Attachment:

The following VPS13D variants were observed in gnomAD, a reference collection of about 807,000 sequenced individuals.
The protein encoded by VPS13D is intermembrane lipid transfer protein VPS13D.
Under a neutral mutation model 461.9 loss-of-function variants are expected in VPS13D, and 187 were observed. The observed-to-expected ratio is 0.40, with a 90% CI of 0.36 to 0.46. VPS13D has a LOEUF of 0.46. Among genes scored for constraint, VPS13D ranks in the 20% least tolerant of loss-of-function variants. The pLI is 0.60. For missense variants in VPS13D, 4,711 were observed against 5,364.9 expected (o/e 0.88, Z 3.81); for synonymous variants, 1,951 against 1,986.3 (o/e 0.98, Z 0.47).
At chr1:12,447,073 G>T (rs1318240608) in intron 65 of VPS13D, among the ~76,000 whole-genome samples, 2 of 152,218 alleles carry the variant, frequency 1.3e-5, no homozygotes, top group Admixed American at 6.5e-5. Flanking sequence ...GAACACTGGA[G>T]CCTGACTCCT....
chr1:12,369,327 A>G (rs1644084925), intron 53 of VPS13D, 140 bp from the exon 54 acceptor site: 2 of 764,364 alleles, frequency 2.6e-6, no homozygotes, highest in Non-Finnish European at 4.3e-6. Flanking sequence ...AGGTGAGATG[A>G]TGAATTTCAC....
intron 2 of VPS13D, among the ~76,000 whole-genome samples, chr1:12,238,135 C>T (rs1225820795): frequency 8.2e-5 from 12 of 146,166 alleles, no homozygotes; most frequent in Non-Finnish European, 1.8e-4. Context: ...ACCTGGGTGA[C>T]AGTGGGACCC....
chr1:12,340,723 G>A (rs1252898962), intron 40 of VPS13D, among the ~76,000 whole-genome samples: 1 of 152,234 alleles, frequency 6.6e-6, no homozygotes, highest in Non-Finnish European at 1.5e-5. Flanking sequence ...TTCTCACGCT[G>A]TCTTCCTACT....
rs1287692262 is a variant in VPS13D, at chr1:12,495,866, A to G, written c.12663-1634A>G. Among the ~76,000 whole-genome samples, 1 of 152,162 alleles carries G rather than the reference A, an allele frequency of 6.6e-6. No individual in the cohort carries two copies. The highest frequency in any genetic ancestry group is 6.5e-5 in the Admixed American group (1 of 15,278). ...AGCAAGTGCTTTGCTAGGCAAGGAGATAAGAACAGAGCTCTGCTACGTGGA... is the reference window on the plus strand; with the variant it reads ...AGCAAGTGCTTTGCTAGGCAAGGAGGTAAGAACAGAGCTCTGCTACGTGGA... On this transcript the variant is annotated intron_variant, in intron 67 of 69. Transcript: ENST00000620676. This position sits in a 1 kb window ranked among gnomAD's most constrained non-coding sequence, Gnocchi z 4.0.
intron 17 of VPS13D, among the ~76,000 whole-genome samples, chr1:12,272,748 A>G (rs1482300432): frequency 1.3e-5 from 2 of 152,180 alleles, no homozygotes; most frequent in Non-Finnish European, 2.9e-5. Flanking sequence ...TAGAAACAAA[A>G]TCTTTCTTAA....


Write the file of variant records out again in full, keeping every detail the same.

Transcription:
The following VPS13D variants were observed in gnomAD, a reference collection of about 807,000 sequenced individuals.
The protein encoded by VPS13D is intermembrane lipid transfer protein VPS13D.
Under a neutral mutation model 461.9 loss-of-function variants are expected in VPS13D, and 187 were observed. The observed-to-expected ratio is 0.40, with a 90% CI of 0.36 to 0.46. VPS13D has a LOEUF of 0.46. Among genes scored for constraint, VPS13D ranks in the 20% least tolerant of loss-of-function variants. The pLI is 0.60. For missense variants in VPS13D, 4,711 were observed against 5,364.9 expected (o/e 0.88, Z 3.81); for synonymous variants, 1,951 against 1,986.3 (o/e 0.98, Z 0.47).
At chr1:12,447,073 G>T (rs1318240608) in intron 65 of VPS13D, among the ~76,000 whole-genome samples, 2 of 152,218 alleles carry the variant, frequency 1.3e-5, no homozygotes, top group Admixed American at 6.5e-5. Flanking sequence ...GAACACTGGA[G>T]CCTGACTCCT....
chr1:12,369,327 A>G (rs1644084925), intron 53 of VPS13D, 140 bp from the exon 54 acceptor site: 2 of 764,364 alleles, frequency 2.6e-6, no homozygotes, highest in Non-Finnish European at 4.3e-6. Flanking sequence ...AGGTGAGATG[A>G]TGAATTTCAC....
intron 2 of VPS13D, among the ~76,000 whole-genome samples, chr1:12,238,135 C>T (rs1225820795): frequency 8.2e-5 from 12 of 146,166 alleles, no homozygotes; most frequent in Non-Finnish European, 1.8e-4. Context: ...ACCTGGGTGA[C>T]AGTGGGACCC....
chr1:12,340,723 G>A (rs1252898962), intron 40 of VPS13D, among the ~76,000 whole-genome samples: 1 of 152,234 alleles, frequency 6.6e-6, no homozygotes, highest in Non-Finnish European at 1.5e-5. Flanking sequence ...TTCTCACGCT[G>A]TCTTCCTACT....
rs1287692262 is a variant in VPS13D, at chr1:12,495,866, A to G, written c.12663-1634A>G. Among the ~76,000 whole-genome samples, 1 of 152,162 alleles carries G rather than the reference A, an allele frequency of 6.6e-6. No individual in the cohort carries two copies. The highest frequency in any genetic ancestry group is 6.5e-5 in the Admixed American group (1 of 15,278). ...AGCAAGTGCTTTGCTAGGCAAGGAGATAAGAACAGAGCTCTGCTACGTGGA... is the reference window on the plus strand; with the variant it reads ...AGCAAGTGCTTTGCTAGGCAAGGAGGTAAGAACAGAGCTCTGCTACGTGGA... On this transcript the variant is annotated intron_variant, in intron 67 of 69. Transcript: ENST00000620676. This position sits in a 1 kb window ranked among gnomAD's most constrained non-coding sequence, Gnocchi z 4.0.
intron 17 of VPS13D, among the ~76,000 whole-genome samples, chr1:12,272,748 A>G (rs1482300432): frequency 1.3e-5 from 2 of 152,180 alleles, no homozygotes; most frequent in Non-Finnish European, 2.9e-5. Flanking sequence ...TAGAAACAAA[A>G]TCTTTCTTAA....